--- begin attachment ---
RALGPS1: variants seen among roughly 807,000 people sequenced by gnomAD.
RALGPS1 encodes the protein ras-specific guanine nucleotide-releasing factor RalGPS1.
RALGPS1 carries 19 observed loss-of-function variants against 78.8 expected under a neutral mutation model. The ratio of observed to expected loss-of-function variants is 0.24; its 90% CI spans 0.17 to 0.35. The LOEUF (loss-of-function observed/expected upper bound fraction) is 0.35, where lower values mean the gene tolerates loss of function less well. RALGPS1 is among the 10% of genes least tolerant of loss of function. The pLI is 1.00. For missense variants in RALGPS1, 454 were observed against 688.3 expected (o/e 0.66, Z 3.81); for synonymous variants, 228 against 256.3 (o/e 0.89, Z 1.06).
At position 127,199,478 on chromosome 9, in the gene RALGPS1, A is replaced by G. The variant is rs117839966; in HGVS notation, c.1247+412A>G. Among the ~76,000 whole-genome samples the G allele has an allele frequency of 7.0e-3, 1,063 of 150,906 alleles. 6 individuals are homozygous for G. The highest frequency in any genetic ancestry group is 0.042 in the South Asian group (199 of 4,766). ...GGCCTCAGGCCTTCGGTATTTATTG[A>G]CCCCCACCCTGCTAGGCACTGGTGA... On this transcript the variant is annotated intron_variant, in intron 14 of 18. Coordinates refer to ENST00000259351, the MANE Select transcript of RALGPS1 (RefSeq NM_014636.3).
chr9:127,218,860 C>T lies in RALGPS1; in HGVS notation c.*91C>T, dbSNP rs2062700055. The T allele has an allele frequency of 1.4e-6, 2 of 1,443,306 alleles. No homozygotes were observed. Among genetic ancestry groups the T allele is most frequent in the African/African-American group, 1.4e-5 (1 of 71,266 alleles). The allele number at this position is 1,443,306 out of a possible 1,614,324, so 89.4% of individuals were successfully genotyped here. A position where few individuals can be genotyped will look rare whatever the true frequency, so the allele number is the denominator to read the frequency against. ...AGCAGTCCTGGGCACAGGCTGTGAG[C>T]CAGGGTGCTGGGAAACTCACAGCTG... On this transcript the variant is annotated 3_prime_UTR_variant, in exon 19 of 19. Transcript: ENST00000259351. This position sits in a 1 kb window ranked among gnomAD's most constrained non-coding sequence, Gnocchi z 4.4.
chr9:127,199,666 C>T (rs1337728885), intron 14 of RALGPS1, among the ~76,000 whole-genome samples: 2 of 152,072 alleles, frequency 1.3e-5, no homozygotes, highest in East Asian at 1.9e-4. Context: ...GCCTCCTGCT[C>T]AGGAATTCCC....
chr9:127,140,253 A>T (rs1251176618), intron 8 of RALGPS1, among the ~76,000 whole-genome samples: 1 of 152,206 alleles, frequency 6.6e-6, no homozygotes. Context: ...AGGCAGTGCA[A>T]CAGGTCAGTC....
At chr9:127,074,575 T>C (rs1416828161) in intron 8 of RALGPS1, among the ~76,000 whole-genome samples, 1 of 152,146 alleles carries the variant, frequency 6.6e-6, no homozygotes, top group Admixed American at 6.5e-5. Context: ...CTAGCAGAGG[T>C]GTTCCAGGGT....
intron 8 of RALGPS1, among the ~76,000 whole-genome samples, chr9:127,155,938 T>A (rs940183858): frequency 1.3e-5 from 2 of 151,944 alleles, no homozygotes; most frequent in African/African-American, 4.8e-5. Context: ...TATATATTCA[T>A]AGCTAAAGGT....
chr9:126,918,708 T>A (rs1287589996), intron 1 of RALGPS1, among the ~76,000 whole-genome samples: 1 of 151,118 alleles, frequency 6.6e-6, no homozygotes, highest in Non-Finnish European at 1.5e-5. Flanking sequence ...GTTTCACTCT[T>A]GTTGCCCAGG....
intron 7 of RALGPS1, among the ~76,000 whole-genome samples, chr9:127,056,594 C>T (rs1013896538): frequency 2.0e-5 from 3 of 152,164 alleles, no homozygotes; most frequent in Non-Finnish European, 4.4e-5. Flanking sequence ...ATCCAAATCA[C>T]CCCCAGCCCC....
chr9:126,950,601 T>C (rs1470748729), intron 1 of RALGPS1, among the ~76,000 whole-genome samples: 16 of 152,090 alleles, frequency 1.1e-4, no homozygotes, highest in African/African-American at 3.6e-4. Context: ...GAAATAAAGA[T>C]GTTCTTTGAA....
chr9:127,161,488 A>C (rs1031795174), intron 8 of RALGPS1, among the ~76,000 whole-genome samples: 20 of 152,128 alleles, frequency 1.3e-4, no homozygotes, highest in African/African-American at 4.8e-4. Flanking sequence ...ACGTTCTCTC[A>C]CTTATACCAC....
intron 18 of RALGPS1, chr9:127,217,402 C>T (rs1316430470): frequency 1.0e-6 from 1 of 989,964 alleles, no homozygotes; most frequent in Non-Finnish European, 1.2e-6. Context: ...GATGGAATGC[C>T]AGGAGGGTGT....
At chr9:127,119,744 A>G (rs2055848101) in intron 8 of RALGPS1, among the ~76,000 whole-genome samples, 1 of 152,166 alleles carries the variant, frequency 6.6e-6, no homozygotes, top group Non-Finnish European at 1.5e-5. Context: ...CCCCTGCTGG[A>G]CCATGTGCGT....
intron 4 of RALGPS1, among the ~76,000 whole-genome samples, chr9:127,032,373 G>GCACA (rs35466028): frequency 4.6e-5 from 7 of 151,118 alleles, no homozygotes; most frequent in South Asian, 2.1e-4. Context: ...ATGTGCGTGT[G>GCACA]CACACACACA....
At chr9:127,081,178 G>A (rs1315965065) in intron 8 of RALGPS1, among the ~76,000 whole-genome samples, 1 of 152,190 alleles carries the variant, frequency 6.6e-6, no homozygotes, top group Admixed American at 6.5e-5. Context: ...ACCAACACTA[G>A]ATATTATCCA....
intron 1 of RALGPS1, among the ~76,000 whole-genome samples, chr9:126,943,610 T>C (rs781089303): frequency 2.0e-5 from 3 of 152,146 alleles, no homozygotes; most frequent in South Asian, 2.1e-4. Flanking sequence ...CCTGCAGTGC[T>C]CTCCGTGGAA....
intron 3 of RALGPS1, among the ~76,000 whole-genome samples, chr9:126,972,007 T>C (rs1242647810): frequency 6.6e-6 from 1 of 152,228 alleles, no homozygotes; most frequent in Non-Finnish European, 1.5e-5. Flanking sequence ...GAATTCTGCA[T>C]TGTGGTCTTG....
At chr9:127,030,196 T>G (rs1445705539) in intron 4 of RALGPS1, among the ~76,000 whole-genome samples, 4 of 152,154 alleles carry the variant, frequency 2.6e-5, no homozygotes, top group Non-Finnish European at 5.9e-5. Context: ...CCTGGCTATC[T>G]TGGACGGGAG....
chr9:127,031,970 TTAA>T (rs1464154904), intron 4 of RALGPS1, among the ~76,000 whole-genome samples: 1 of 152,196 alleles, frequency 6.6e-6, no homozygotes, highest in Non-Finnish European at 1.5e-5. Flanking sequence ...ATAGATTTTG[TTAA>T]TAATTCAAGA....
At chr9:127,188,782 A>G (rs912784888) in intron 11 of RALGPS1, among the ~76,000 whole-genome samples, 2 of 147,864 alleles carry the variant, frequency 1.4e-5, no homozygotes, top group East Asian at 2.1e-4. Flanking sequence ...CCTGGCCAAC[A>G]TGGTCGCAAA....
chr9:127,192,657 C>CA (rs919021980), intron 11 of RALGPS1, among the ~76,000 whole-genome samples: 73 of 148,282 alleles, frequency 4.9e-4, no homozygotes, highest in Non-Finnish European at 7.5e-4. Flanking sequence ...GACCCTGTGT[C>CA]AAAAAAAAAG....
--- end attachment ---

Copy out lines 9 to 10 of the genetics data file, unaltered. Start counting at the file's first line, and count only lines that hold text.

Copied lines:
intron 8 of RALGPS1, among the ~76,000 whole-genome samples, chr9:127,155,938 T>A (rs940183858): frequency 1.3e-5 from 2 of 151,944 alleles, no homozygotes; most frequent in African/African-American, 4.8e-5. Context: ...TATATATTCA[T>A]AGCTAAAGGT....
chr9:126,918,708 T>A (rs1287589996), intron 1 of RALGPS1, among the ~76,000 whole-genome samples: 1 of 151,118 alleles, frequency 6.6e-6, no homozygotes, highest in Non-Finnish European at 1.5e-5. Flanking sequence ...GTTTCACTCT[T>A]GTTGCCCAGG....